An interactive chart helps you explore how factors such as working an extra year, moving to a less expensive home or a sudden drop in the stock market will change your retirement finances.
Social Security Benefits Calculator
The AARP Social Security Benefits Calculator allows you to input income for both you and a spouse at the same time. You can compare how much you will receive at various claiming ages with your likely retirement expenses.
“With the use of a user-friendly, interactive slider, AARP’s calculator shows the impact of your claiming age, estimates certain living expenses and shows how much your benefit would cover of them based on your claiming age,” says Joshua Rosenblum, a communications officer for the Pew Charitable Trusts and a former AARP spokesperson for economic security.
Another unique feature of the AARP calculator is a graph showing what happens to your benefit if you work and claim Social Security benefits at the same time.
Social Security Retirement Calculator
The Social Security Retirement Calculator created by the financial services company Financial Engines provides customized claiming strategies for married couples, including spousal and survivor’s payments.
“When out to maximize the benefits that both spouses collect, that’s different than maximizing when each person claims their own benefit,” says Wei-Yin Hu, vice president of financial research at Financial Engines. “It turns out to be quite important to look at both spouses in a household together, because there are some interesting interactions about when the two should claim benefits in terms of both spousal benefits and survivors benefits playing a role in the picture.”
In addition to examining how your annual payment changes based on the age you sign up, the tool also points you toward a claiming age that is likely to maximize the Social Security payments you receive over your lifetime.
Social Security Calculator
Bankrate’s simple Social Security Calculator provides a quick estimate of future Social Security benefits on a single page. Users can also create a customized report that explains the likely monthly and annual payout at various claiming ages and how this income compares to what they earned during their final year of work.
The tool is best suited for individuals or married couples in which only one spouse works. The calculation needs to be run twice if each spouse will claim Social Security based on his or her own work record. The calculator also rounds the user’s full retirement age to the nearest full year, even though retirees born in some years have a more specific retirement age, such as 66 and 6 months, which is likely to produce a slightly less accurate estimate.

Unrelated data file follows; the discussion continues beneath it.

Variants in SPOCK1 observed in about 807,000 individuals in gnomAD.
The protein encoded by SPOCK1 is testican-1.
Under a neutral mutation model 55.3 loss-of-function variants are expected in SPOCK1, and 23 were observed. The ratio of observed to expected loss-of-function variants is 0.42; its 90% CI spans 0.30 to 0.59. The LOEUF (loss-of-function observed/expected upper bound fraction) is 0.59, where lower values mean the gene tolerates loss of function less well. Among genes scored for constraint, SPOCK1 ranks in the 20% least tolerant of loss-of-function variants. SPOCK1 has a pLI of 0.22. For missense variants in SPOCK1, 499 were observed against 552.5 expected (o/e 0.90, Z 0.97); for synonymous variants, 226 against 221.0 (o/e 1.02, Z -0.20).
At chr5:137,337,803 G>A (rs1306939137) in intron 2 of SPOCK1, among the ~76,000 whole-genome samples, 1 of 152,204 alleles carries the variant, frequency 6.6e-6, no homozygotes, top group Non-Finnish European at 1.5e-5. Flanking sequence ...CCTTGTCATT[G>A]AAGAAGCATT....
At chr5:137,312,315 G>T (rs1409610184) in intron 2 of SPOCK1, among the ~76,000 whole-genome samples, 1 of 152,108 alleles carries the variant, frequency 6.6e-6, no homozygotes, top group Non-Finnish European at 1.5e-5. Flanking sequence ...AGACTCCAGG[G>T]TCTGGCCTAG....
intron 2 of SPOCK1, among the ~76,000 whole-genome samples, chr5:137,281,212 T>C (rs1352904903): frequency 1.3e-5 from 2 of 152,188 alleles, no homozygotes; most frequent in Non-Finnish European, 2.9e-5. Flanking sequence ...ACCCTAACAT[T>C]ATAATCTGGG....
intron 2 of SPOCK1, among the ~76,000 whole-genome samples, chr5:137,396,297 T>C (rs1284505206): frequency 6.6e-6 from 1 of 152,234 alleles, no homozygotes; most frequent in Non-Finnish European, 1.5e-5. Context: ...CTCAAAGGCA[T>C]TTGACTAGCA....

Retirement Age Calculator
Your Social Security full retirement age depends on the year you were born. The Social Security Administration’s simple Retirement Age Calculator allows you to input your birth year and quickly find out the exact age you will be eligible to claim your full Social Security retirement benefit. Your Social Security payments will be reduced if you start payments before your full retirement age, and the Retirement Age Calculator also explains the exact percentage of the benefit reduction depending on the year and month when you start payments.
Life Expectancy Calculator
Deciding the optimal age to begin Social Security payments often involves making an educated guess about how long you will live. The Social Security Administration’s Life Expectancy Calculator will tell you the average number of additional years someone of your age and gender can expect to live. However, this tool does not take into account your current health, lifestyle or family history.
It’s important to note that none of these calculators can provide the exact dollar amount you will receive from the Social Security Administration in retirement. Your actual benefit may differ from Social Security calculator estimates for a variety of reasons, including fluctuating earnings, delayed retirement, inflation adjustments, legislative changes, tax withholding and the deduction of Medicare premiums from Social Security payments. However, these tools can give you an idea of how your payments will change if you delay claiming Social Security and coordinate benefits with a spouse.